Journal #81 - Elizabeth A. Povinelli - Geontologies: The Concept and Its Territories
Journal #81
April 2017
Journal #81 - April 2017

Geontologies: The Concept and Its Territories

Karrabing Film Collective, When the Dogs Talked, 2014. Film still.

Many attribute the crumbling of the self-evident distinction between Life and Nonlife to the challenge that climate change poses in the geological era of the Anthropocene.1 Since Eugene Stoermer first coined the term “Anthropocene” and Paul Crutzen popularized it, the Anthropocene has meant to mark a geologically defined moment when the forces of human existence began to overwhelm all other biological, geological, and meteorological forms and forces and displace the Holocene. That is, the Anthropocene marks the moment when human existence became the determinate form of planetary existence—and a malignant form at that—rather than merely the fact that humans affect their environment. It’s hardly an uncontroversial concept. Even those geologists who support it do not agree on what criteria should be used to date its beginning. Many criteria and thus many dates have been proposed. Some place it at the beginning of the Neolithic Revolution when agriculture was invented and the human population exploded. Others peg it to the detonation of the atomic bomb, an event that left radioactive sediments in the stratigraphy and helped consolidate a notion of the earth (Gaia) as something that could be destroyed by human action and dramatize the difference between Life as a planetary phenomenon and Nonlife as a coldness of space. Hannah Arendt’s 1963 reflections on the launching of Sputnik and the lost contact “between the world of the senses and the appearances and the physical worldview” would be important here; as would be James Lovelock’s Gaia hypothesis published two years later in the wake of the revolutionary Apollo 8 picture of earthrise, broadcast live on Christmas Eve 1968.2 Still others situate the beginning of the Anthropocene in the coal-fueled Industrial Revolution. While the British phrase “like selling coal to Newcastle” was first recorded in 1538, reminding us of the long history of coal use in Europe, the Industrial Revolution massively expanded the Lancashire, Somerset, and Northumberland coalfields in the eighteenth century, setting off a huge carbon bomb by releasing unheard of tons of hydrocarbons into the atmosphere and resulting in our present climate revolution and, perhaps, the sixth great extinction.3 But the exploitation of the coalfields also uncovered large stratified fossil beds that helped spur the foundation of modern geologic chronology: the earth as a set of stratified levels of being and time. In other words, the concept of the Anthropocene is as much a product of the coalfields as an analysis of their formation insofar as the fossils within the coalfields helped produce and secure the modern discipline of geology and biology. But even as the coalfields helped create the modern disciplines of biology and geology, the carbon bomb it set off also slowly and then seemingly suddenly made these disciplinary distinctions differences of a different sort. From the perspective of the planetary carbon cycle, what difference does the difference between Life and Nonlife make? What new disciplinary combinations and alliances are necessary under the pressure of Anthropogenic climate change? Moreover, if industrial capital was the cause of the modern discipline of geology and thus the secret origin of the new geological era and its disciplinary supports, why didn’t we name and shame it rather than the Human? Indeed, Jason W. Moore has suggested that what we are calling the Anthropocene might be more accurately called the Capitalocene—what we are really witnessing are the material conditions of the last five hundred years of capitalism.4 In Dennis Dimick’s poetic rephrasing, the Anthropocene and climate change reflect nothing so much as industrial capitalism’s dependence on “ancient sunshine.”5 Other names proliferate: the Plantationocene, the Anglocene, the Chthulucene …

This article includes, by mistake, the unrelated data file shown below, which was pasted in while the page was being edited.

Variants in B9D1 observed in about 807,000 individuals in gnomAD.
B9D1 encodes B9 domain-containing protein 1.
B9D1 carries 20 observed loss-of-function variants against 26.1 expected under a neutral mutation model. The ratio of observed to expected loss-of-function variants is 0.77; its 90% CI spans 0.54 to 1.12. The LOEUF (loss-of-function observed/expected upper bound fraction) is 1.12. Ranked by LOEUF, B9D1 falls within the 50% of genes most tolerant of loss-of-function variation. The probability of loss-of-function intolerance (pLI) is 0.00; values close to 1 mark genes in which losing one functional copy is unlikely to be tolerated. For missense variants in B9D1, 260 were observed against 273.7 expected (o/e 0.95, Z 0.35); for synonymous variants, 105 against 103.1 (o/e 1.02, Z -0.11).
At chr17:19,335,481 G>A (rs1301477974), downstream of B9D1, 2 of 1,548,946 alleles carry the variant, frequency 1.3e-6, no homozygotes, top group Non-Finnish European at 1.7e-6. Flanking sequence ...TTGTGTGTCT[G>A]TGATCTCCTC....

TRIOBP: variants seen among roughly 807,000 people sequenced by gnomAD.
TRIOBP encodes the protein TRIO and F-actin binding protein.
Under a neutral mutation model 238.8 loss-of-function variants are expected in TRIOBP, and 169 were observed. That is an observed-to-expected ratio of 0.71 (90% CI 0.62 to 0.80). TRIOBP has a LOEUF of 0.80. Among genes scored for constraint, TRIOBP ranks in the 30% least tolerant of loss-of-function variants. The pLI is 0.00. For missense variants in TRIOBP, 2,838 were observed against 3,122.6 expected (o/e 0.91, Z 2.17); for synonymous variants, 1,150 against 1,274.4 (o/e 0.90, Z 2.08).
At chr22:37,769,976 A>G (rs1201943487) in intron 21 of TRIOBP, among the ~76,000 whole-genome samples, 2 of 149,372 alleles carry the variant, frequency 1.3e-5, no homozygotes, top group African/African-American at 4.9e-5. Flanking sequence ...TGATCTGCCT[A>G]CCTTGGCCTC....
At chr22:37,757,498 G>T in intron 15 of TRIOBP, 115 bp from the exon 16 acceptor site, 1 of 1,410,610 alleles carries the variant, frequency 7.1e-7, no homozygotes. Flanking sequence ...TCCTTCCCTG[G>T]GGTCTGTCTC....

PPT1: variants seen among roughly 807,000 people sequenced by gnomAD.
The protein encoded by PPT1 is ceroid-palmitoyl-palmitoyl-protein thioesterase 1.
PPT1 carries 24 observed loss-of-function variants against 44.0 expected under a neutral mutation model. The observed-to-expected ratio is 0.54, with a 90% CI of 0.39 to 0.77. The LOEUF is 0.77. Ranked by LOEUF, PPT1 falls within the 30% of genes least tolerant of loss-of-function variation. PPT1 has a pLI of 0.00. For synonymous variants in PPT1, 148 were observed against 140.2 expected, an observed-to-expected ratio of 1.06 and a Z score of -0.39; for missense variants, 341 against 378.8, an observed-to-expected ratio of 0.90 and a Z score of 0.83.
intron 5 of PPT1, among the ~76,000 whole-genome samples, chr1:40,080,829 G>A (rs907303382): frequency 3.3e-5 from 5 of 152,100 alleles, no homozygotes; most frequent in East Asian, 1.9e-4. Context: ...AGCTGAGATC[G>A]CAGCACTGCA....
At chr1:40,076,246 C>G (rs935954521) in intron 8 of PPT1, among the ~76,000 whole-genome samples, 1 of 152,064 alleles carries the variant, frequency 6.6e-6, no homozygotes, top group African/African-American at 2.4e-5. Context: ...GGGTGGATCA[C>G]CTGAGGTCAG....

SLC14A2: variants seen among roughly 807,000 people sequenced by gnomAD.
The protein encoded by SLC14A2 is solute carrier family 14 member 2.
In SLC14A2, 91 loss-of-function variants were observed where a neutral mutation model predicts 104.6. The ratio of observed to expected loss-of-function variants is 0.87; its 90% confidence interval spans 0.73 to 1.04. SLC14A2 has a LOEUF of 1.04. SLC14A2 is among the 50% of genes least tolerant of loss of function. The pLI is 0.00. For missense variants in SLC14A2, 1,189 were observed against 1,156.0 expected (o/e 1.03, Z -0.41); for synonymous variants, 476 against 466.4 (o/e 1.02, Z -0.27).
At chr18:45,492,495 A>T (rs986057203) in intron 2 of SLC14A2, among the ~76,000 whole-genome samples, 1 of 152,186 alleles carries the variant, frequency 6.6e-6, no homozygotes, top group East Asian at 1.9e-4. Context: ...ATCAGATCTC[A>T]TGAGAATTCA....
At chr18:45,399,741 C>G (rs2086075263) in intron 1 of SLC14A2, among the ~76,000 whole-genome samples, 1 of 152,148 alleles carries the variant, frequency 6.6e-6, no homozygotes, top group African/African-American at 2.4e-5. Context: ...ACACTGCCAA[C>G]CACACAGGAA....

How and why various scholars choose one geohistorical nomenclature or peg over another helps illuminate how geontopower is supported in, and supports, natural life and critical life, and the ways in which all specific forms of existence, whether humans or others, are being governed in late liberalism. As the authors of a recent piece in Nature note, changes to the earth system are heterogeneous and diachronous, diffused and differential geographies that only appear as instantaneous earth events when viewed from the perspective of millions of years of stratigraphic compression.6 But while all stratigraphic markers necessitate a “clear, datable marker documenting a global change that is recognizable in the stratigraphic record, coupled with auxiliary stratotypes documenting long-term changes to the Earth system,” the Anthropocene presents a specific problem insofar as it cannot rely “on solid aggregate mineral deposits (‘rock’) for the boundary”; it is “an event horizon largely lacking fossils” and thus must find a different basis for a global boundary stratotype section and point (a GSSP) “to formalize a time unit that extends to the present and thereby implicitly includes a view of the future.”7 What is the clearest, materially supportable, and socially disinterested evidence of this new geological age: the carbon layer left from the Industrial Revolution, the CO2 from the changing climate, the atomic signature that followed the atomic bomb?